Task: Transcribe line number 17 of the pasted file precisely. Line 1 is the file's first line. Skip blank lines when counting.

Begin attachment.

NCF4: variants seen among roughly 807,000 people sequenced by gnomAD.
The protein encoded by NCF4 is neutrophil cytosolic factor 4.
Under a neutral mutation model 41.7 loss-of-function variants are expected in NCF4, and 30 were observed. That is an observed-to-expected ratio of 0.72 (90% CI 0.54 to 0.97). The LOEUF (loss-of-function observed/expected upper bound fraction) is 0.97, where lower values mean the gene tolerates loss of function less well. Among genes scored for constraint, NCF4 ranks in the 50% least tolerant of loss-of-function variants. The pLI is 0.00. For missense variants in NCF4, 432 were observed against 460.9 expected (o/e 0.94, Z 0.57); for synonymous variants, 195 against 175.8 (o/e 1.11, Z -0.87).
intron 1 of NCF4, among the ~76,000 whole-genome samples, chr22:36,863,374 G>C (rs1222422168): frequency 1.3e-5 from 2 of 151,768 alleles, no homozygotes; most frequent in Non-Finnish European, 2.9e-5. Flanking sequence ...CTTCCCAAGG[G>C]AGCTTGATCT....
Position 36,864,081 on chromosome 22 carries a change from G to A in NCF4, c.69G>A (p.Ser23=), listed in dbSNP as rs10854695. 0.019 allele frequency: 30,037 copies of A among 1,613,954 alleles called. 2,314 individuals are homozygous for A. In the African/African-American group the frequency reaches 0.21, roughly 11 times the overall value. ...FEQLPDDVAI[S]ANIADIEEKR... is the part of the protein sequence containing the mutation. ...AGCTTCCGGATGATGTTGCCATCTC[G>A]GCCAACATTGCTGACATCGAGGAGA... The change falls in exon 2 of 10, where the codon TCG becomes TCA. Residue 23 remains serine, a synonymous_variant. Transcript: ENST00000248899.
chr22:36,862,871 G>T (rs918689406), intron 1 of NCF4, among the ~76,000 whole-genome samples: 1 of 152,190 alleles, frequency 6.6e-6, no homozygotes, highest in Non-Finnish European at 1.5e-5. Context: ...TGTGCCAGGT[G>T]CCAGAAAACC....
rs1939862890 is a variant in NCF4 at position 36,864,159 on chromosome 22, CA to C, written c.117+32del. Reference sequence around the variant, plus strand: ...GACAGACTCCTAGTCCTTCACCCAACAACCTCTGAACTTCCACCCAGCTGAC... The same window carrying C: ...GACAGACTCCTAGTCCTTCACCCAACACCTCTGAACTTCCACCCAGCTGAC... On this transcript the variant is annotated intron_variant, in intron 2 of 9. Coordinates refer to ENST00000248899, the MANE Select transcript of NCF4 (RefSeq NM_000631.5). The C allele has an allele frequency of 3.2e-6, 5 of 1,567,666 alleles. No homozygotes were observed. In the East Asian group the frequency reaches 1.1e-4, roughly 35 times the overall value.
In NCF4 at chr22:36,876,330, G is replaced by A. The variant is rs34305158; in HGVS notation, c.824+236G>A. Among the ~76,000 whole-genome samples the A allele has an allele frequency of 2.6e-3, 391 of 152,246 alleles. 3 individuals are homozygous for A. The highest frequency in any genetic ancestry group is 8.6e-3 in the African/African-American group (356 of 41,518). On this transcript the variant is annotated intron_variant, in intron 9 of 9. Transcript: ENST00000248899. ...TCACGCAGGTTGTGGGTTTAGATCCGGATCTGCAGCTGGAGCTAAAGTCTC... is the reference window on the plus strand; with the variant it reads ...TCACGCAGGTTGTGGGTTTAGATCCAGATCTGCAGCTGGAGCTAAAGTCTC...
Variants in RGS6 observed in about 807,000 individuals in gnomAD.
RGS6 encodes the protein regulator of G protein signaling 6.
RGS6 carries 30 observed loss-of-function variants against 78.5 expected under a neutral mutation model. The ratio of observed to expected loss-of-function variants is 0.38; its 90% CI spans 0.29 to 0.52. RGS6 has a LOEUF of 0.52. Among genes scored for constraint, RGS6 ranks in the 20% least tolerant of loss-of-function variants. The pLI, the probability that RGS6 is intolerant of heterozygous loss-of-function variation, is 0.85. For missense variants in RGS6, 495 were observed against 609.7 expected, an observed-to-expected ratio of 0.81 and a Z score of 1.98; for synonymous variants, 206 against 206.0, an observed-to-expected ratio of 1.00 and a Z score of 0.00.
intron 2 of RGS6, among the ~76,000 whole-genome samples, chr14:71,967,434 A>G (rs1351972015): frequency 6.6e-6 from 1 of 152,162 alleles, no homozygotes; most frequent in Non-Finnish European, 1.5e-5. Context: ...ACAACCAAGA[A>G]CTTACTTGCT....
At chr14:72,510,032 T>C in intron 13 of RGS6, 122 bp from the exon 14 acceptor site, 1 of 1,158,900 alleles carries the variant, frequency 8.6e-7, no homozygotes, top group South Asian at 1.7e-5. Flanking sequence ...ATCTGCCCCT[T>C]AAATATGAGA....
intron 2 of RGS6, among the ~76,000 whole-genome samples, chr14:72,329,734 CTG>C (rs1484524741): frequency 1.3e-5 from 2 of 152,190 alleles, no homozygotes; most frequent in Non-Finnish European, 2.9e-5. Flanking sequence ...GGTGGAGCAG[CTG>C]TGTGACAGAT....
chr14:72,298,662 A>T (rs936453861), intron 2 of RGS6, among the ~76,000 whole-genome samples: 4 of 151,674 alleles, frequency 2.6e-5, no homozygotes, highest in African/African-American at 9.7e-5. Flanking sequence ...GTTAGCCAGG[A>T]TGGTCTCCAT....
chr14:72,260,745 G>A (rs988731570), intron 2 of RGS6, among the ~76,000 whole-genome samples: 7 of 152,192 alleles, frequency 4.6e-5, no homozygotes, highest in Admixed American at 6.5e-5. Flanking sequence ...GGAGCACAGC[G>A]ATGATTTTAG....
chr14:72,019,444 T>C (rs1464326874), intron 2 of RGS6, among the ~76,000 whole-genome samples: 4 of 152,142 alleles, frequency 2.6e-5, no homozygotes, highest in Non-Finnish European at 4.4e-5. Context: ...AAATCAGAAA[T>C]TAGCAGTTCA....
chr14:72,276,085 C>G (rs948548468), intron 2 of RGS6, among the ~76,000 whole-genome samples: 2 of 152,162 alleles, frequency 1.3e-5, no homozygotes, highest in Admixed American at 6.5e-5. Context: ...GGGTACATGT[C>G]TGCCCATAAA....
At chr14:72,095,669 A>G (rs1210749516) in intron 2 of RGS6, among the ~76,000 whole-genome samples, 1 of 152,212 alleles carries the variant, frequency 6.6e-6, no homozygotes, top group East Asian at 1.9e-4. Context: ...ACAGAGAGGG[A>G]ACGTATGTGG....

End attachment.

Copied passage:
chr14:72,019,444 T>C (rs1464326874), intron 2 of RGS6, among the ~76,000 whole-genome samples: 4 of 152,142 alleles, frequency 2.6e-5, no homozygotes, highest in Non-Finnish European at 4.4e-5. Context: ...AAATCAGAAA[T>C]TAGCAGTTCA....